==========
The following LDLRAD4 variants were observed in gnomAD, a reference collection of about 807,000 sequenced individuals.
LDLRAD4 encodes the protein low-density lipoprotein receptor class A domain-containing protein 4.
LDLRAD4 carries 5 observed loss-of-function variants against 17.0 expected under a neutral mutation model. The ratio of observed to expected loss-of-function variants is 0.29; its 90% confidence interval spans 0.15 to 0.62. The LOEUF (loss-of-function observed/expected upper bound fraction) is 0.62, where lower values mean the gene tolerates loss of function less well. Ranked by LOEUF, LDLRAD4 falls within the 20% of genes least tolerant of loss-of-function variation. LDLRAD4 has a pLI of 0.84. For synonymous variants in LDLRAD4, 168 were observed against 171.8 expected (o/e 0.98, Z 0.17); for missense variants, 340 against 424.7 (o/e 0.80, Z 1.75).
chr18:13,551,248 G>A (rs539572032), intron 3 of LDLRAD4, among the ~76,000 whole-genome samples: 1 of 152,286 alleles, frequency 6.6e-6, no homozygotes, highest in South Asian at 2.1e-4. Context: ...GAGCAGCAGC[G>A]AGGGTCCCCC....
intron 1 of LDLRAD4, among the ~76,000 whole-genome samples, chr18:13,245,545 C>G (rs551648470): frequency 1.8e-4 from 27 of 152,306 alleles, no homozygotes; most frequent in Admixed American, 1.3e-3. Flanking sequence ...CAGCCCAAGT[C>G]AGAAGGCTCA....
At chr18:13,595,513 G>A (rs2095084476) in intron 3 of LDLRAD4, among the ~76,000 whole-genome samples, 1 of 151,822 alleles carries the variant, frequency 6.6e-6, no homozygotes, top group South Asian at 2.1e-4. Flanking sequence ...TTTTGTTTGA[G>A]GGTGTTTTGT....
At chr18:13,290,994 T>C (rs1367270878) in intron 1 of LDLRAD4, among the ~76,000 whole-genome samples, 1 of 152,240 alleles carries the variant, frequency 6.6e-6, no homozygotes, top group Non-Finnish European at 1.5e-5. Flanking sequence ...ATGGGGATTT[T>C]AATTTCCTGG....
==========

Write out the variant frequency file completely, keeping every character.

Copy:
The following LDLRAD4 variants were observed in gnomAD, a reference collection of about 807,000 sequenced individuals.
LDLRAD4 encodes the protein low-density lipoprotein receptor class A domain-containing protein 4.
LDLRAD4 carries 5 observed loss-of-function variants against 17.0 expected under a neutral mutation model. The ratio of observed to expected loss-of-function variants is 0.29; its 90% confidence interval spans 0.15 to 0.62. The LOEUF (loss-of-function observed/expected upper bound fraction) is 0.62, where lower values mean the gene tolerates loss of function less well. Ranked by LOEUF, LDLRAD4 falls within the 20% of genes least tolerant of loss-of-function variation. LDLRAD4 has a pLI of 0.84. For synonymous variants in LDLRAD4, 168 were observed against 171.8 expected (o/e 0.98, Z 0.17); for missense variants, 340 against 424.7 (o/e 0.80, Z 1.75).
chr18:13,551,248 G>A (rs539572032), intron 3 of LDLRAD4, among the ~76,000 whole-genome samples: 1 of 152,286 alleles, frequency 6.6e-6, no homozygotes, highest in South Asian at 2.1e-4. Context: ...GAGCAGCAGC[G>A]AGGGTCCCCC....
intron 1 of LDLRAD4, among the ~76,000 whole-genome samples, chr18:13,245,545 C>G (rs551648470): frequency 1.8e-4 from 27 of 152,306 alleles, no homozygotes; most frequent in Admixed American, 1.3e-3. Flanking sequence ...CAGCCCAAGT[C>G]AGAAGGCTCA....
At chr18:13,595,513 G>A (rs2095084476) in intron 3 of LDLRAD4, among the ~76,000 whole-genome samples, 1 of 151,822 alleles carries the variant, frequency 6.6e-6, no homozygotes, top group South Asian at 2.1e-4. Flanking sequence ...TTTTGTTTGA[G>A]GGTGTTTTGT....
At chr18:13,290,994 T>C (rs1367270878) in intron 1 of LDLRAD4, among the ~76,000 whole-genome samples, 1 of 152,240 alleles carries the variant, frequency 6.6e-6, no homozygotes, top group Non-Finnish European at 1.5e-5. Flanking sequence ...ATGGGGATTT[T>C]AATTTCCTGG....